Subsequent to this program, a portion of the educators range tour in late summer was devoted to in the field discussion of the practices and benefits of MIG. Depending on the ecological system and management intensity, harvest efficiencies can rise from 30% to over 80%.
University of Wyoming Extension conducted a March 28-29, 2012 (Casper, WY) training of extension field educators concerning energy efficiency and renewable energy based upon the new Exploring Energy Efficiency and Alternatives (E3A) curriculum. The E3A curriculum was jointly developed by UW and Montana State University under a Western SARE Professional Development Program grant. This was a train-the-trainer event, enabling the educators to coordinate regional events. Subsequently, field educator-led energy programming has been offered at locations around the state, including Riverton, Fort Washakie, Sundance, Newcastle, Riverton, Afton, Douglas, Torrington and Rawlins, demonstrating that the training was found immediately useful. Wyoming PDP funds were used to pay travel/per diem for ten educators.
PDP-funded Publications/Educational Materials and Products
This publication briefly touches on the variety of resource, animal, infrastructure and management factors to consider in selecting a grazing management approach and concludes with the advantages/disadvantages of alternative approaches: http://www.uwyo.edu/cessupport/agpubs/Search_Start.asp, Search for MP-111.14, Grazing Management for Sustainable Ranching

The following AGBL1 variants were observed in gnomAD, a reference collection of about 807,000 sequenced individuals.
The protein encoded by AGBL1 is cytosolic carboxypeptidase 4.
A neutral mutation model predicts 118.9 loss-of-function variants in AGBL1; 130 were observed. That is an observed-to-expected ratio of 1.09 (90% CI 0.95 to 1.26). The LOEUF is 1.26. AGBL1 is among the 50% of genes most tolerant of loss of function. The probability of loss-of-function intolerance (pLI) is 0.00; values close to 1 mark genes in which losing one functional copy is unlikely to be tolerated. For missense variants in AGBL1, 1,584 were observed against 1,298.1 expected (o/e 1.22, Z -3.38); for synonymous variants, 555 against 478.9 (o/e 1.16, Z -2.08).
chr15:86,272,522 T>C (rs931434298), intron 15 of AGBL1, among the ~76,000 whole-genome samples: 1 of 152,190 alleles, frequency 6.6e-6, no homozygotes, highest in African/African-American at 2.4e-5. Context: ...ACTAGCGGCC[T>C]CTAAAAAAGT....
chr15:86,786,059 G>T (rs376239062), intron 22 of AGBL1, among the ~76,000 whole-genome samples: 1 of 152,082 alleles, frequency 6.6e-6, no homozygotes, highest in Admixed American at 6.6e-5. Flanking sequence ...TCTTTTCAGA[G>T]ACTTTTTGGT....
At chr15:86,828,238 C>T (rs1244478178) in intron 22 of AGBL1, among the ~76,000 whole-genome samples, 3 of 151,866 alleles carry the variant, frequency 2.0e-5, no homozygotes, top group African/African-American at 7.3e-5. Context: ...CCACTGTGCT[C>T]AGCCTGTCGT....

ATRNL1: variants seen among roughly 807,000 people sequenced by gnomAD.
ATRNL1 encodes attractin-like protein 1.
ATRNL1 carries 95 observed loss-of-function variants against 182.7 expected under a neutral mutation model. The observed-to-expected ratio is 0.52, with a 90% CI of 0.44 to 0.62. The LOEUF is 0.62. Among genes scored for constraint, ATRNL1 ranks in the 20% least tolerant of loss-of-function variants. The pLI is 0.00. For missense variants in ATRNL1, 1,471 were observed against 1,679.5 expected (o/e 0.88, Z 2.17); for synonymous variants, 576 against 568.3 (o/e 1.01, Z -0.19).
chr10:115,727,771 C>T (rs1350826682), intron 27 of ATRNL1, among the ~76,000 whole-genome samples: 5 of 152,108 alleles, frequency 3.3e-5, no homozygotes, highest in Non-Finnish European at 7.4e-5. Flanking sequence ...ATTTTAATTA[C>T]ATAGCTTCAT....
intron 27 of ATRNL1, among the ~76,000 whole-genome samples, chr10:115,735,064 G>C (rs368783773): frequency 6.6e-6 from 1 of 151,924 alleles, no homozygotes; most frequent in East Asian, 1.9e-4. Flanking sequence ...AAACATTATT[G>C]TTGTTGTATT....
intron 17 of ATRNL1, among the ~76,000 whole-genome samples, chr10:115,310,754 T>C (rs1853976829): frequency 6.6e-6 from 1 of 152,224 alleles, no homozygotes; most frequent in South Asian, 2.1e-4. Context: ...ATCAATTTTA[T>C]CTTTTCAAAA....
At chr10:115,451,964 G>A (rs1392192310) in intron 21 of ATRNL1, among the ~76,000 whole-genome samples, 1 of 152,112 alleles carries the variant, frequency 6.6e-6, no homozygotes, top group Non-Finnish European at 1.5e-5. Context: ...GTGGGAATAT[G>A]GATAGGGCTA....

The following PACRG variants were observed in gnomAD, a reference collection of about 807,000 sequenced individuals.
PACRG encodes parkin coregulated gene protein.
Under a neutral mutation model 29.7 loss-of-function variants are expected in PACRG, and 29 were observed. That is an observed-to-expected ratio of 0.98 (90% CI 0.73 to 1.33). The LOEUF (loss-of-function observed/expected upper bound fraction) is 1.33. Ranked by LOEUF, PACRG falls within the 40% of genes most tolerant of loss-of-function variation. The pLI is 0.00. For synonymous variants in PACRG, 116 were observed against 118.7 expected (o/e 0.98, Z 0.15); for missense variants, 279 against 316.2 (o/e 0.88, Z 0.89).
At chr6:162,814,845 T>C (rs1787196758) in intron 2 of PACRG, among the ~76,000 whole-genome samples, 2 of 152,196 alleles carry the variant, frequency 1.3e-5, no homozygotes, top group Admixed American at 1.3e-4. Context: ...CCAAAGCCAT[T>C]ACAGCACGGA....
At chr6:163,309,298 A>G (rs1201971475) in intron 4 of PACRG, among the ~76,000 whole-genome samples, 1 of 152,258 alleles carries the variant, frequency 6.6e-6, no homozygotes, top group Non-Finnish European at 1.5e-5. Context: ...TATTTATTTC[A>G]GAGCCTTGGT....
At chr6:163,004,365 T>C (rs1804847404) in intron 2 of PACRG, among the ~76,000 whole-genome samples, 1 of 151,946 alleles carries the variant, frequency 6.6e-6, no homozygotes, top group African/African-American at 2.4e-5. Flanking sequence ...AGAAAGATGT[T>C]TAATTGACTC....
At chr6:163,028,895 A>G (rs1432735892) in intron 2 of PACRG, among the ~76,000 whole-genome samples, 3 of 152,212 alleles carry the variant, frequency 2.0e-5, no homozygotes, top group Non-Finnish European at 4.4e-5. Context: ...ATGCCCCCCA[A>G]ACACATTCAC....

Changes in Ag Professionals’ Knowledge, Skills and Action
The focus of our PDP programs is to encourage participants to use the information in programming and addressing the needs of clients for information on the topic. Recently I asked the participants in the last year's activities whether they had occasion to utilize the information received in training. Yes---3 no---1.
Subsequent to this year’s training, field educator-led energy programming has been offered at locations around the state, including Riverton, Fort Washakie, Sundance, Newcastle, Riverton, Afton, Douglas, Torrington and Rawlins, demonstrating that the training was found immediately useful.
The three-year ahead planning did not function as well as expected, primarily because Extension Educator’s priorities apparently changed along with the availability of a number of other professional training activities. NRCS apparently had budget problems for travel. These factors resulted in low attendance in the target audience at some events. Subsequently we are moving to a different model, at least for the short term.
Involvement of Others in State PDP Planning and Implementation
The PDP program development is a collaborative enterprise with the participation of NRCS state office staff and the Wyoming CES initiative teams concerned with agriculture and natural resources. Programming, including professional development, in Wyoming Extension is developed by the Extension educator professionals. These are the Sustainable Management of Rangeland Resources and the Profitable and Sustainable Agriculture Initiative teams. These teams hold semiannual meetings where programming desires including PDP are discussed and planned. NRCS is a participant in these meetings and also provides additional input at proposal development time. Needs assessment for programming by the initiative teams is developed through consultation with area producer advisory committees, thus providing the producer feedback to PDP.